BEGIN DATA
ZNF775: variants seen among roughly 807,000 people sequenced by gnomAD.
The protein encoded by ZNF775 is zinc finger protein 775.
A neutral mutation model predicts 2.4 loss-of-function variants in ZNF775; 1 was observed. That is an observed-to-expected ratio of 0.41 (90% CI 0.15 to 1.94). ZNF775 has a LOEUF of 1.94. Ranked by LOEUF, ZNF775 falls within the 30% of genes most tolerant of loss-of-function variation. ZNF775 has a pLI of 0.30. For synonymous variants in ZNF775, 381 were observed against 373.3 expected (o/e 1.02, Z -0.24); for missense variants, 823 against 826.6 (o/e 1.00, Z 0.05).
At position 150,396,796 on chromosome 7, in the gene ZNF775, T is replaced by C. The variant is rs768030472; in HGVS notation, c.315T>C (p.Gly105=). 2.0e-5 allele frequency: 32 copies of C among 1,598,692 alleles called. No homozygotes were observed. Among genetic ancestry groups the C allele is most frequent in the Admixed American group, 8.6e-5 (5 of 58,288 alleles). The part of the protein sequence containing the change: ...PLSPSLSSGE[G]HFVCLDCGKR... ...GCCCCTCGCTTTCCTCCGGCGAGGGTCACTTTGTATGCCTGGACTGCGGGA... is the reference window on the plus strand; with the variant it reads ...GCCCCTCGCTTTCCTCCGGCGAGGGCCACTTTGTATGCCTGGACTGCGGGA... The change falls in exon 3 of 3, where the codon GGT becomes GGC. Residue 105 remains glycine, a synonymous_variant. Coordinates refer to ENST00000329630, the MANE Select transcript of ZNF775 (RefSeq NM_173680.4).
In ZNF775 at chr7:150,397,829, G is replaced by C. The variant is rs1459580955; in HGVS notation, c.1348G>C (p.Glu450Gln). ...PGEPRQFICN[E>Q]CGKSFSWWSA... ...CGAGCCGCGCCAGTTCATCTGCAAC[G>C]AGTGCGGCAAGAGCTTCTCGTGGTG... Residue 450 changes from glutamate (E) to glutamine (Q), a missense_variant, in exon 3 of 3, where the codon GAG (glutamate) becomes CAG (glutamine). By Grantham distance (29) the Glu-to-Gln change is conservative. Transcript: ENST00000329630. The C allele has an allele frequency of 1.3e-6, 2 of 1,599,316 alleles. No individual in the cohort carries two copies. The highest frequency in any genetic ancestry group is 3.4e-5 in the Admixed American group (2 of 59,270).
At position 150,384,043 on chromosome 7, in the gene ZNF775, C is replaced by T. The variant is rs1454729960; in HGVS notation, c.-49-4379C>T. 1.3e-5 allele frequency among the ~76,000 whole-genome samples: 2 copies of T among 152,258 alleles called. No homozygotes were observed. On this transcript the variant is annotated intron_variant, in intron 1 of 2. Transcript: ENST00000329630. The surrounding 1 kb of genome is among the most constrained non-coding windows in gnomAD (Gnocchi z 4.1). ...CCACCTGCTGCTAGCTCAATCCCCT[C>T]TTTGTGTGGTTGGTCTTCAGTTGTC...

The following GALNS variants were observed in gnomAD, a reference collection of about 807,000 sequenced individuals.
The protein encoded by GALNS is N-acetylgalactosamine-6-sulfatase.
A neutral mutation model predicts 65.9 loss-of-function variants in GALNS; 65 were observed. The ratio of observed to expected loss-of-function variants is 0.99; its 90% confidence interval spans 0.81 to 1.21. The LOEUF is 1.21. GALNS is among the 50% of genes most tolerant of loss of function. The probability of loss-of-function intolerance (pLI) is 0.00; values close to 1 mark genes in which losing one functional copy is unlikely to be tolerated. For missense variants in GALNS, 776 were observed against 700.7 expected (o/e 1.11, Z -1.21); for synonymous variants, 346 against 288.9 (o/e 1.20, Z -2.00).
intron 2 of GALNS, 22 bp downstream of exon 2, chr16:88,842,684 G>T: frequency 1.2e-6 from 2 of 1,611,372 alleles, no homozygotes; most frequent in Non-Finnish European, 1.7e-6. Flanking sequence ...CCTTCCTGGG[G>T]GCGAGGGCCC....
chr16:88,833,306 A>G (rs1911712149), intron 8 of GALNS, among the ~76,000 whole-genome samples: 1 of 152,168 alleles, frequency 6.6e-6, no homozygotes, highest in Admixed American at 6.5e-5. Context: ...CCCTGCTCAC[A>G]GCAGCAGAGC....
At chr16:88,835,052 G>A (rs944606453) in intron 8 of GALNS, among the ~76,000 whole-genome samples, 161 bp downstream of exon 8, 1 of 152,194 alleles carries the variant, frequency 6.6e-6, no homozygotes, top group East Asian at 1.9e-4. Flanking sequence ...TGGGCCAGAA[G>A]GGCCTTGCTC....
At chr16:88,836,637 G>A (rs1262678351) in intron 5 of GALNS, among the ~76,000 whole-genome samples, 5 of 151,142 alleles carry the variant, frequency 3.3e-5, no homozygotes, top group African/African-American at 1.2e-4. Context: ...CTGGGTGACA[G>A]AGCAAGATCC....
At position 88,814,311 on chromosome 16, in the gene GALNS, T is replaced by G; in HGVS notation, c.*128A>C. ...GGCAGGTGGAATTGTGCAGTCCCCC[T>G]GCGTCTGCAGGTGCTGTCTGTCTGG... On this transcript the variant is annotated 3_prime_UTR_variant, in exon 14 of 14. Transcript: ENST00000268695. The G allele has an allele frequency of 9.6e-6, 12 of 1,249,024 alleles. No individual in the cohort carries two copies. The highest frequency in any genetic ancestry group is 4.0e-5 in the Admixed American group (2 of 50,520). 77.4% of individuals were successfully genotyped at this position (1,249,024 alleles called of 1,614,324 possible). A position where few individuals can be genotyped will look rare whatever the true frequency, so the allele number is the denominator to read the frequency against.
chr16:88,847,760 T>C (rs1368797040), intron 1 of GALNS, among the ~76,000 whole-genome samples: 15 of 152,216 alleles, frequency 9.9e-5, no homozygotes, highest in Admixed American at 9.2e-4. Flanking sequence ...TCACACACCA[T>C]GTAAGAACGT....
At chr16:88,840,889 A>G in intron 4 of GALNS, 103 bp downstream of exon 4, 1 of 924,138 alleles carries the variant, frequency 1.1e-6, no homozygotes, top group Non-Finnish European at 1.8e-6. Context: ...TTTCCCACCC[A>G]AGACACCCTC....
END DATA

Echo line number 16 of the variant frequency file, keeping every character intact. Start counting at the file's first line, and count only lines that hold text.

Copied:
At chr16:88,840,889 A>G in intron 4 of GALNS, 103 bp downstream of exon 4, 1 of 924,138 alleles carries the variant, frequency 1.1e-6, no homozygotes, top group Non-Finnish European at 1.8e-6. Context: ...TTTCCCACCC[A>G]AGACACCCTC....